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‘The Book Thief’ Review

The Book Thief Review
20th Century Fox

Imagine, if you can, a film about World War II, and orphaned children, and looming death, and brutal Nazis, and the horrors of the Holocaust. Then imagine a narrator for that film. Then imagine the worst possible narrator* for that film – just the most wrong-headed, bizarre and frankly offensive narrator you can possibly picture. Keep that in mind. (And, if you’re not familiar with either the film’s source material or its IMDb page, don’t worry about any spoilers here, we’ll save them for the very end.)

Based on Markus Zusak’s bestseller of the same name, Brian Percival’s ‘The Book Thief’ presents audiences with a hollow and emotionally lacking look at the ravages of war on its youngest victims. When we first meet young Liesel (effectively and believably played over a long stretch of years by the lovely Sophie Nelisse), the daughter of a German Communist mother (Heike Makatsch, given exactly zilch to do here) is on a huffing, puffing train that is crossing the country to deliver her to new parents (parents who are, of course, not viewed as somehow undesirable by the Nazi regime). Liesel has somehow captured the eye of our highly unreliable and frankly unsettling narrator (a being that doesn’t often find himself enamored of the living) and we’re meant to believe that her story is presented to us by way of his unwavering vision.

It’s a bad train ride, to be sure – Liesel’s baby brother dies and is buried on the side of the tracks, her mother mourns without delivering much emotional impact, and the shell-shocked tween steals her first book from a unsuspecting grave digger. Soon delivered to her new parents, the whimsical Hans (Geoffrey Rush) and the hardened Rosa (Emily Watson), Liesel is swiftly set on a new path – complete with a Nazi-run school, an eager new best pal (Nico Liersch), and the heartbreaking (and very public) reveal that she’s illiterate.

Percival’s film suffers immensely from a lack of forward motion, as it meanders along for over an hour with nothing beyond a dull sense of imminent disaster to drive it (this is, of course, a film principally set during the events just before and during World War II, there’s nothing but imminent disaster within that timeframe). ‘The Book Thief’ loosely grabs at narrative threads – Hans teaching Liesel to read in their basement, an evil classmate who taunts both Liesel and Rudy, the wife of the local Buergmeister discovering Liesel’s eventual love of books – before dropping them at random. The film finally finds something dynamic to drive it when the starving Max (Ben Schnetzer) knocks on the family’s door one dark night, a fleeing young Jewish man calling in a favor owed to his father by the morally upright Hans. Max soon becomes the family’s most dearly held secret, eventually taking up residence in their large basement for the better part of two years.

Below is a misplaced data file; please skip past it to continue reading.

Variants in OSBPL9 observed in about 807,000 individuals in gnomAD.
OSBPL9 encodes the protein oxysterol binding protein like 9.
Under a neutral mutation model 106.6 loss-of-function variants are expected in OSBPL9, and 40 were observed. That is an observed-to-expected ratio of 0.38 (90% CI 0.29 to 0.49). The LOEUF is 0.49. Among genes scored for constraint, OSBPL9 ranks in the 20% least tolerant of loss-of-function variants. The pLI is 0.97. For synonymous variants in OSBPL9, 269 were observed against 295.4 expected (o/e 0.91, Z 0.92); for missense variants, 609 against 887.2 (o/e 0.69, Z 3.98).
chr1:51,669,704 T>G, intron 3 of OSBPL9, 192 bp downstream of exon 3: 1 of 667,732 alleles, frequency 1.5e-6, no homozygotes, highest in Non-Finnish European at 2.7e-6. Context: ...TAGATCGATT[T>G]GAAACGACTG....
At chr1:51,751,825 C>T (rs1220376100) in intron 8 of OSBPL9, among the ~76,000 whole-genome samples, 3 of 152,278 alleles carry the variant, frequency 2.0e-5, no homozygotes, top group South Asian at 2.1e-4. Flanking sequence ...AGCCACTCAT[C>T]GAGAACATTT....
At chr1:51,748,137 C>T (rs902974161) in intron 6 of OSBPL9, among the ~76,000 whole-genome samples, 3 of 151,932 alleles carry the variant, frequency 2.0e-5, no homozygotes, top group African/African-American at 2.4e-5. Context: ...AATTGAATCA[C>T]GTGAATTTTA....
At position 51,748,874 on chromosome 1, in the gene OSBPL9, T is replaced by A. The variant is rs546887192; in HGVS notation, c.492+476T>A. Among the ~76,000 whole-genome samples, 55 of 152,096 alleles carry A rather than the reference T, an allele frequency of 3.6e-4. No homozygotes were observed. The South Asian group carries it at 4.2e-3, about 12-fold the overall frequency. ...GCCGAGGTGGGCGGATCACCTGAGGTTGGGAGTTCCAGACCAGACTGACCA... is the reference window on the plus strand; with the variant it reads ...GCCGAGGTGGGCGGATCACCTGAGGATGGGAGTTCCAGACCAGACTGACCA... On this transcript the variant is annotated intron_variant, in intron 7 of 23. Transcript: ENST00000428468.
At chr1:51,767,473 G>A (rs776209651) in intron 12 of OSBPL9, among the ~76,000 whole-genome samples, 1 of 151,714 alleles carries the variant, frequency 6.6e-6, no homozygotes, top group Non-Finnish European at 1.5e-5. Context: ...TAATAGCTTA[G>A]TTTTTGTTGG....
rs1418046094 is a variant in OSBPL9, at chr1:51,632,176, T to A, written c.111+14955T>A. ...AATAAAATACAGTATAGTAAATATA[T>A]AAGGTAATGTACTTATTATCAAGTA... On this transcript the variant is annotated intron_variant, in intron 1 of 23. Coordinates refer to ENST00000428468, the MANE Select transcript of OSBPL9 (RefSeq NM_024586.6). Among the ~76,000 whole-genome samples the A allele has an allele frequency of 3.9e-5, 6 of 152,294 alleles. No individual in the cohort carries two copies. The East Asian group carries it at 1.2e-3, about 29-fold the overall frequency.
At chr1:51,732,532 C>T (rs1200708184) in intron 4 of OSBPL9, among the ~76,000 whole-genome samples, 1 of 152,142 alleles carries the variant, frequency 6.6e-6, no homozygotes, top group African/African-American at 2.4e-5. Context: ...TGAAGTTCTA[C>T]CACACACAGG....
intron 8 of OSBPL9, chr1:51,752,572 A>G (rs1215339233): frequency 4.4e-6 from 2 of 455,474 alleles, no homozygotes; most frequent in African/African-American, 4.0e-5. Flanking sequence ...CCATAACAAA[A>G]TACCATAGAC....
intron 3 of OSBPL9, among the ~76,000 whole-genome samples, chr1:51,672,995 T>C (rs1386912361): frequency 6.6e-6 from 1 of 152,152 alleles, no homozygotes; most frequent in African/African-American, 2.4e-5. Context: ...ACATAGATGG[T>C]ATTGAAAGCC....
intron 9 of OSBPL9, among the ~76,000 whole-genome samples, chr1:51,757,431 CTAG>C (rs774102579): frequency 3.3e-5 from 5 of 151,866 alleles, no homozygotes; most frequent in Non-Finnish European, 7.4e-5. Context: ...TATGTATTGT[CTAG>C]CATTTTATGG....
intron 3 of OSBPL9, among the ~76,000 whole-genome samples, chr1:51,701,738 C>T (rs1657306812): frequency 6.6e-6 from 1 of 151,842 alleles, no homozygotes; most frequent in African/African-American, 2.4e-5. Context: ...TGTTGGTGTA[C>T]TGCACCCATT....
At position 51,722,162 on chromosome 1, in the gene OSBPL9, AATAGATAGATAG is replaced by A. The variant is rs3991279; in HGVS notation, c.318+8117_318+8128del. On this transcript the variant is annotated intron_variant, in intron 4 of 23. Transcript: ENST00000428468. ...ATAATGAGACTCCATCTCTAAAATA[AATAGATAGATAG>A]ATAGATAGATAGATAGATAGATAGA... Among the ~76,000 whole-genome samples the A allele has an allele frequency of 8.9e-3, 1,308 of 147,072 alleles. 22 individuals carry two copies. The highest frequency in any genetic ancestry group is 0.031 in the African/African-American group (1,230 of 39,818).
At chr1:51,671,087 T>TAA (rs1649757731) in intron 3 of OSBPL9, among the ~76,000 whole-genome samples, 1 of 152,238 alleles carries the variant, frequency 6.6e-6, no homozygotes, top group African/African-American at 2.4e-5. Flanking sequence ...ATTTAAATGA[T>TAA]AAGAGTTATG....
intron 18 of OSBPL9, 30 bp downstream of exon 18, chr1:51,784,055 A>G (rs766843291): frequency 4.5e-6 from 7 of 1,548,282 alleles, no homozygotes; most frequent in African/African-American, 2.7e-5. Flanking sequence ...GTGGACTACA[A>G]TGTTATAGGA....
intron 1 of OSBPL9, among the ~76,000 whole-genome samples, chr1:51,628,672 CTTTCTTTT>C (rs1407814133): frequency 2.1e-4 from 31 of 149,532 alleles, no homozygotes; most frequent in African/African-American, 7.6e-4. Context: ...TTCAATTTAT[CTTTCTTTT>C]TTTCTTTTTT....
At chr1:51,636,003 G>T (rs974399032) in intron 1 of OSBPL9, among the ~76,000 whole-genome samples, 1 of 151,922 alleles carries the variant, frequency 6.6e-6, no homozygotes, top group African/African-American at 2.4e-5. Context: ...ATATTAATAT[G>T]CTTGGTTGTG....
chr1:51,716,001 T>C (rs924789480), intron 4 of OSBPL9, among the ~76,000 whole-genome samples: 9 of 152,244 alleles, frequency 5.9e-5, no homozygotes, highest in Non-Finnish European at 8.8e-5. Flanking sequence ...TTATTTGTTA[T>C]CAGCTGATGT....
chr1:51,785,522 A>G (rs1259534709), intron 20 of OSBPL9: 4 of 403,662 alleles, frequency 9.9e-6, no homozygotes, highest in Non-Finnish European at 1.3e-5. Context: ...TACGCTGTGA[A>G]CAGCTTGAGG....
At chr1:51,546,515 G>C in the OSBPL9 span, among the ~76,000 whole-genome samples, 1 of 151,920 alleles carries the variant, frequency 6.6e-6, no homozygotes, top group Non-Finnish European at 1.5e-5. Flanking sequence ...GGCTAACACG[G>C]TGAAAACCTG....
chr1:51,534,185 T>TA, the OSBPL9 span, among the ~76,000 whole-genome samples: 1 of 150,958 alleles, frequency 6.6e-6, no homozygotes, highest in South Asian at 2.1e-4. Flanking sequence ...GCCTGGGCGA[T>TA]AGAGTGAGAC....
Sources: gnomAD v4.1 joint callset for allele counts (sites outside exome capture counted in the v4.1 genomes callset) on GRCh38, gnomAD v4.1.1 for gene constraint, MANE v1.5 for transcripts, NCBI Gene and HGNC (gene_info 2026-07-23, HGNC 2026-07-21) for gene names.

Max and Liesel’s friendship – one based on both mutual loss and a love of books – grounds the film for a time, but it’s never set up as the film’s actual focus, robbing it of any lasting emotional value. It’s indicative of the major problem with ‘The Book Thief,’ a film that possesses all of the pieces necessary to craft a stirring and moving look at some of history’s worst horrors and that fails to effectively capitalize on them at every turn. The film frequently feels fake and stagey, and even its costumes and sets look flaccid and uninspired. There’s nothing new or emotionally bold about ‘The Book Thief’ and, despite plenty of valid entry points into big-time feelings (Children! Books! Air raids! The draft! A secret that could actually lead to death!), it consistently and continually falls short. It’s the most emotionally void film about World War II in recent memory, a frustrating distinction that sets it apart in the worst way possible.

The film does possess some small charms, however, including solid performances by the young Nelisse, Rush and the charming Liersch. Watson and Schnetzer also do well by the material they are given – though Watson’s Rosa is, at first, too mercurial to be believed and Max is thinly written throughout. There are occasional bits of inspired cinematography that elevate the film’s look and feel, though they become harder to find as ‘The Book Thief’ winds on. Despite attempts to telegraph Liesel’s affection for books, there are few instances of her actually appearing to be moved by them, but when those scenes do present themselves (especially in her limited interactions with Max and a very funny scene with Hans early on), they pop and provide brief bits of brilliance. Otherwise, the film disappoints and falls flat, and by the time its horrifying and strange last moments reveal themselves (along with its horrifying and strange narrator), ‘The Book Thief’ becomes an instant example of just how deeply wrong-headed a film can be.

*The film is narrated by Death itself. See? Worst possible narrator for a film already about death.

‘The Book Thief’ is now in theaters.

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